I have set out above the details of who can make an application for a warrant under the law. The grounds for an application are also set out in the legislation. For practical purposes the grounds which matter are National Security and Serious Crime. RIPL defines “Serious Crime” in detail. The short definition is that the term “Serious Crime” is applied to offences for which a person aged 21 or over with no previous convictions could expect to receive a prison sentence of 3 years or more. I am told that in Jersey nearly all of the warrants issued under this provision relate to drug trafficking and drug dealing.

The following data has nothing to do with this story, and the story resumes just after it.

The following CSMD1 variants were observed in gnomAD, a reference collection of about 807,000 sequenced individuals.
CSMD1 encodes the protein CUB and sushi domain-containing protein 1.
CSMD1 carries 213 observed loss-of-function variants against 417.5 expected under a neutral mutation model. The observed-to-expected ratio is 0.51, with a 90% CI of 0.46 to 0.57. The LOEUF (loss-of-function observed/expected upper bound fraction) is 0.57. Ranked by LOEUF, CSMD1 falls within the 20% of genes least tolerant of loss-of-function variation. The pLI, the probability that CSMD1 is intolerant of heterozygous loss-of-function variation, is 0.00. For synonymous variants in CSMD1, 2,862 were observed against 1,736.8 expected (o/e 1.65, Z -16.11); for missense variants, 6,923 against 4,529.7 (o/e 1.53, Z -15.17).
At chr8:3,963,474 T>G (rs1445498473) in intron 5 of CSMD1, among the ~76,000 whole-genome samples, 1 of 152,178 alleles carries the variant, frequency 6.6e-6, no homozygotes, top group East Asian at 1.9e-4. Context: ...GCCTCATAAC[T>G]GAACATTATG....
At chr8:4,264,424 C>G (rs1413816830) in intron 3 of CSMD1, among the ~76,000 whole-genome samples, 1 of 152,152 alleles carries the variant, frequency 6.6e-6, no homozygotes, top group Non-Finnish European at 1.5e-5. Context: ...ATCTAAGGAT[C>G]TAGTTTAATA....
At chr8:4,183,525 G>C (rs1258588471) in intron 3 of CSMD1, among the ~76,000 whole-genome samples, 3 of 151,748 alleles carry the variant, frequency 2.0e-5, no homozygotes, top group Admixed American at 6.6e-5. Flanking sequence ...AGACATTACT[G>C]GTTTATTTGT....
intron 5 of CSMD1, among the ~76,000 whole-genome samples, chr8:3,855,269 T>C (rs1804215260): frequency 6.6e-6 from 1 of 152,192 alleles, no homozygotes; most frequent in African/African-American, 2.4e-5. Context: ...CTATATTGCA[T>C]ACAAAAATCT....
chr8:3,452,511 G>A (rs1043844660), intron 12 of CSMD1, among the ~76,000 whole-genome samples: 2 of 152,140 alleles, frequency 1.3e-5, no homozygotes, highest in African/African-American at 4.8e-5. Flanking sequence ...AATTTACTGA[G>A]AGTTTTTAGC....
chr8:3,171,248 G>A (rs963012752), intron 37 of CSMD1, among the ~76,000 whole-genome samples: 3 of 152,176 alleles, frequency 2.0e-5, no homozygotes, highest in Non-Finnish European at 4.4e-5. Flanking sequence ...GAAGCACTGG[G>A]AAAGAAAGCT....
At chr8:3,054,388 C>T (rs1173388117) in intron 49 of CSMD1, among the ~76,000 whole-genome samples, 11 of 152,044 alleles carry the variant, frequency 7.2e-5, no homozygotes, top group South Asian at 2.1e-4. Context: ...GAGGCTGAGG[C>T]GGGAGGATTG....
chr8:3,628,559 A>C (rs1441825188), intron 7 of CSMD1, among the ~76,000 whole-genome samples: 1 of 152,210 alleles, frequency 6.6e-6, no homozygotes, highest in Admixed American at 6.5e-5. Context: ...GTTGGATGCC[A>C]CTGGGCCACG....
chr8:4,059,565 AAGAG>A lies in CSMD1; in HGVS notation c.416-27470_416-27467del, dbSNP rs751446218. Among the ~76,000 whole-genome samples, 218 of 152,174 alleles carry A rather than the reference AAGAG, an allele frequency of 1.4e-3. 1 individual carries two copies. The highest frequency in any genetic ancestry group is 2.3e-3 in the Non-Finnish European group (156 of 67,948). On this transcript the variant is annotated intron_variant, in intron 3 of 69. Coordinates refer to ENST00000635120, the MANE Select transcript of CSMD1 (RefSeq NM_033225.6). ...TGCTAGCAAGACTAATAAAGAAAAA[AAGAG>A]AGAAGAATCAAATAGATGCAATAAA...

I have asked contacts how this process works in practice and this is what I have been told. Apparently, when the Police or Customs have information about activity which could amount to a “Serious Crime” the front line officers involved assess whether some form of intrusive activity, such as bugging or phone monitoring, is necessary and justified. If they think it is then they submit a detailed case to the relevant Chief Officer asking him to use his powers to make a formal application to the Attorney General for a warrant to allow the intrusive activity to take place. My contacts in the UK tell me that in the UK this was once done by means of a detailed written application but is now more commonly done by means of a specially designed computer system which records all of the information and the decisions taken in a database which is not capable of subsequent amendment. This means that decisions cannot be reviewed with the benefit of hindsight. I do not know what method is used in dealing with these matters in Jersey.